Wendell Lutz, Ph.D., Wittenberg class of 1966, was recently presented with the American Society for Radiation Oncology (ASTRO) Gold Medal, given only to those who have made significant impacts in the field of radiation oncology.
A medical physicist, engineer, inventor, and educator whose contributions have led to exceptional advancements in radiation oncology, Lutz was presented with the award during ASTRO’s annual meeting on Oct. 25, in San Antonio, Texas.
"As a medical physicist, being recognized by ASTRO astonishes me," said Lutz, who found out in June that he was going to be a recipient of the award. "This Gold Medal award is the highest recognition I have received. I am truly honored. I knew that I had been nominated, but I certainly didn’t expect to receive the award.”
Having experienced an illustrious career that spans decades, Lutz, a Springfield native, earned his bachelor’s degree in physics from Wittenberg. The study of physics was a natural one for Lutz since his father, the late Arthur Lutz, was a professor of physics at the University for more than 30 years, including a lengthy stint as chair of the department. Wendell received his Ph.D. in nuclear physics in 1973 from Purdue University before moving to Iran to teach physics at Pahlavi University. He also taught physics at the U.S. Coast Guard Academy in New London, Connecticut, for five years before taking the opportunity to train with medical physicists at Harvard's Joint Center for Radiation Therapy in Boston.
Lutz was able to work under the leadership of Bengt Bjarngard, Ph.D., and Samuel Hellman, M.D., in partnership with Ken Winston, M.D., at Harvard to develop an impactful contribution to the field of radiation oncology – a linear accelerator-based stereotactic radiosurgery system. This technological system was a precision technique to deliver high-dose radiation in single fractions to the brain, and it ultimately paved the way to pinpoint treatments in other areas of the body. Commercialized variations and improvements in this technique have been adopted worldwide and have benefited thousands of patients.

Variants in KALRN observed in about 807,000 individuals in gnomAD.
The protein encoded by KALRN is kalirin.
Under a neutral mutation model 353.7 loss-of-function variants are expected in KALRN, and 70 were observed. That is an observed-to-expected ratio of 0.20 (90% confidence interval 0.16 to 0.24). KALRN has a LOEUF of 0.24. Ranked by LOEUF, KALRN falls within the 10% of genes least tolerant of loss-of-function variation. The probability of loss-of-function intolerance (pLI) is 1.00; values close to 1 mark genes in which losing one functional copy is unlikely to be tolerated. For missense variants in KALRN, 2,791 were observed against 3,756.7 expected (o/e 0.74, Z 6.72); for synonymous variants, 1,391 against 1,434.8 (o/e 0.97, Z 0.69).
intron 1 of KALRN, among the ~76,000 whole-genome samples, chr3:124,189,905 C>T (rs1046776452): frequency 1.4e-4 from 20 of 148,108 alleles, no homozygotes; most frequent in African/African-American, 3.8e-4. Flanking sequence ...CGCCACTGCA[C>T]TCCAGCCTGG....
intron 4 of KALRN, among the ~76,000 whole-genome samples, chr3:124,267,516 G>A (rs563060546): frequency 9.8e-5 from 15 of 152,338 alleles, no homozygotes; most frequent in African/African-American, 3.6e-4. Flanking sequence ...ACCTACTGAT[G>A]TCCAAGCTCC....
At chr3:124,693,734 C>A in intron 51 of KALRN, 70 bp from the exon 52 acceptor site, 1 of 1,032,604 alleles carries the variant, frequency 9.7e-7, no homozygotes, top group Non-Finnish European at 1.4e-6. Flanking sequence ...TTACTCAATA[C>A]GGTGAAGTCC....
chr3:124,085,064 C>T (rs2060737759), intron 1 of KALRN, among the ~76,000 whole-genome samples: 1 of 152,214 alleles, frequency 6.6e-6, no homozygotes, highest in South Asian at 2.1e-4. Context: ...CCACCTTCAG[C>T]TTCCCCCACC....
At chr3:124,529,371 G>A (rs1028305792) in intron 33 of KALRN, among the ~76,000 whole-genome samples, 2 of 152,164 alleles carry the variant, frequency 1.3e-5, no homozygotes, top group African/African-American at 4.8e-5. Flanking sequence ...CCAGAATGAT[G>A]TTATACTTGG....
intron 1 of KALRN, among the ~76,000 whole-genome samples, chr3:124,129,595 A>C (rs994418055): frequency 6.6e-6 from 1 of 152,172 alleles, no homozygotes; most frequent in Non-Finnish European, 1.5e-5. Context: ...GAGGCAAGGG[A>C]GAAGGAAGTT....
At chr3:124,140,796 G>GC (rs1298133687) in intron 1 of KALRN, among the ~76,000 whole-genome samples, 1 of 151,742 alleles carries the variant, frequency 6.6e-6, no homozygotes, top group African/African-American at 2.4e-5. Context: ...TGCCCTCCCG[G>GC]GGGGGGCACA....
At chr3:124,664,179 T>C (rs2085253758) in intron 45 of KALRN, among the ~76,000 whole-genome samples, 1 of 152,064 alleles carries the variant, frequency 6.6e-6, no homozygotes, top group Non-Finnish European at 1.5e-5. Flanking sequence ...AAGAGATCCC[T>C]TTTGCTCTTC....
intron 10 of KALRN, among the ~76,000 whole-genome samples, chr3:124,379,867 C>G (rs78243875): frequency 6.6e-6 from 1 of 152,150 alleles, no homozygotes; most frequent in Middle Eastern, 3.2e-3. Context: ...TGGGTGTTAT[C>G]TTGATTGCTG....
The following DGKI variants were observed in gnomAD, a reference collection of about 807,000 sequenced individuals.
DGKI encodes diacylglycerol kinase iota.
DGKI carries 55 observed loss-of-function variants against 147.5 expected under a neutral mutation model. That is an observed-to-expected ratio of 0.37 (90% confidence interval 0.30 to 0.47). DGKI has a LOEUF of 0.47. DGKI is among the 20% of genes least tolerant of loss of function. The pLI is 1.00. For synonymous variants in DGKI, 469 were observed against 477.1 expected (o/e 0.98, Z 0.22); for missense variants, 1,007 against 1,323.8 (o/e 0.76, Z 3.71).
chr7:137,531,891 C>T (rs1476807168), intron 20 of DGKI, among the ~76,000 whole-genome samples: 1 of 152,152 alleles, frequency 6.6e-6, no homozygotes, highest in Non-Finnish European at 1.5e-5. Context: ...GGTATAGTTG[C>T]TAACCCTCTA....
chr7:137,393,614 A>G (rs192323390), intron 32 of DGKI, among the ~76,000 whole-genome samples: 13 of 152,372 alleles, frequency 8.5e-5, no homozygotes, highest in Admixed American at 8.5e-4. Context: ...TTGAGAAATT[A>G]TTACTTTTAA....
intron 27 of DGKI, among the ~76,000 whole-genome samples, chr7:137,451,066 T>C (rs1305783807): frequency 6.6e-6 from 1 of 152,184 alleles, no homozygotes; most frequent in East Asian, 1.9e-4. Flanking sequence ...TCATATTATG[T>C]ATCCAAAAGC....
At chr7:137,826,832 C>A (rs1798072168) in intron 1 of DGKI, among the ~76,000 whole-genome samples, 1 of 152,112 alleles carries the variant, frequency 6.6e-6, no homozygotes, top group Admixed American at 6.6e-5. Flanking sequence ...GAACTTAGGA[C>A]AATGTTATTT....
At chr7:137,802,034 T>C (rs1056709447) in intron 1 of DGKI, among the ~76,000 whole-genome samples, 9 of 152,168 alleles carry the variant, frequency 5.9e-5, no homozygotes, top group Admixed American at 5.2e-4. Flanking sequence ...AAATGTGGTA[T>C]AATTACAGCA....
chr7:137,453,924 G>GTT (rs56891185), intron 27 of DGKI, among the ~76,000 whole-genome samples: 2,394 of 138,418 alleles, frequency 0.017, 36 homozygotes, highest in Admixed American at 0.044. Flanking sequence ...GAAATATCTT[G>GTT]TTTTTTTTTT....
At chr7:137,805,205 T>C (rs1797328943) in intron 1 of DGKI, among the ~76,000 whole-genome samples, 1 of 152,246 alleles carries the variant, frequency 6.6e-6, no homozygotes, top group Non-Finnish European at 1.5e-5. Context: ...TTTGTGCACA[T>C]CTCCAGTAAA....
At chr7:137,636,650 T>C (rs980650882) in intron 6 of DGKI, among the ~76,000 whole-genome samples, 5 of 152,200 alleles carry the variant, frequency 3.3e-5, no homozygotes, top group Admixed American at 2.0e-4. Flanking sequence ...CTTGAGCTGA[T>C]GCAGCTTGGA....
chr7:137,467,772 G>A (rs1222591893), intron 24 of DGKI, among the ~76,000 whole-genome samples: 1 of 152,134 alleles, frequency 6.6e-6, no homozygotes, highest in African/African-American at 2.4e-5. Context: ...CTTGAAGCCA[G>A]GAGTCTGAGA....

Lutz’s innovative mind also led him to create many quality assurance techniques and devices, including the Lutz lsocenter Checker, the Lutz Phantom, and the Lutz Stereotactic Box. His professional career has been a diverse one and includes holding faculty positions at Harvard Medical School, the University of Arizona, and Memorial Sloan Kettering Cancer Center (MSKCC) in New York City. Currently, he is consulting with two start-up companies on using beta radiation to treat wet macular degeneration and advanced glaucoma eye disorders.
“The ASTRO presentation to Wendell was the society’s Lifetime Achievement award for his work in radiation oncology, and he is one of few physicists to ever receive the award,” said Lutz’s friend and colleague Michael Senich, Wittenberg class of 1972 who served on Wittenberg's Board of Directors (2004-2016) with Lutz. He also helped Lutz’s wife, Nancy, prepare a reception the night before the presentation of the ASTRO award.
"I have known Wendell for over 20 years, and he has always been consummately passionate about Wittenberg and beyond humble in terms of what he has done in his profession,” Senich explained. “I attended the reception for Wendell in San Antonio and was in awe of the cross-section of experts in the field of radiation oncology who were there to offer their heartfelt congratulations. I understood then the impact Wendell has had on his field and on the lives of so many that owe their success to his teachings and collaborations.”
Highly decorated throughout his career, Lutz has received numerous awards and honors including the Edith H. Quimby Lifetime Achievement Award in Medical Physics from the American Association of Physicists in Medicine, and a distinguished alumnus award from both Wittenberg and Purdue, as well as from the Springfield City Schools. In 1992, Harvard endowed the Winston-Lutz Fellowship in his and Winston's honor. While at MSKCC, Lutz was also honored with the Best Teacher Award and the Association of Residents in Radiation Oncology Educator of the Year award.
Lutz, who served on Wittenberg’s Board of Directors from 2011 to 2019, continues to maintain his passion for Wittenberg, and regularly returns to campus from his home in Tucson, Arizona. He has said that the two awards he received from Wittenberg – Honorary Doctor of Science in 1991 and Alumnus of Distinction in 2002 – are among his most cherished.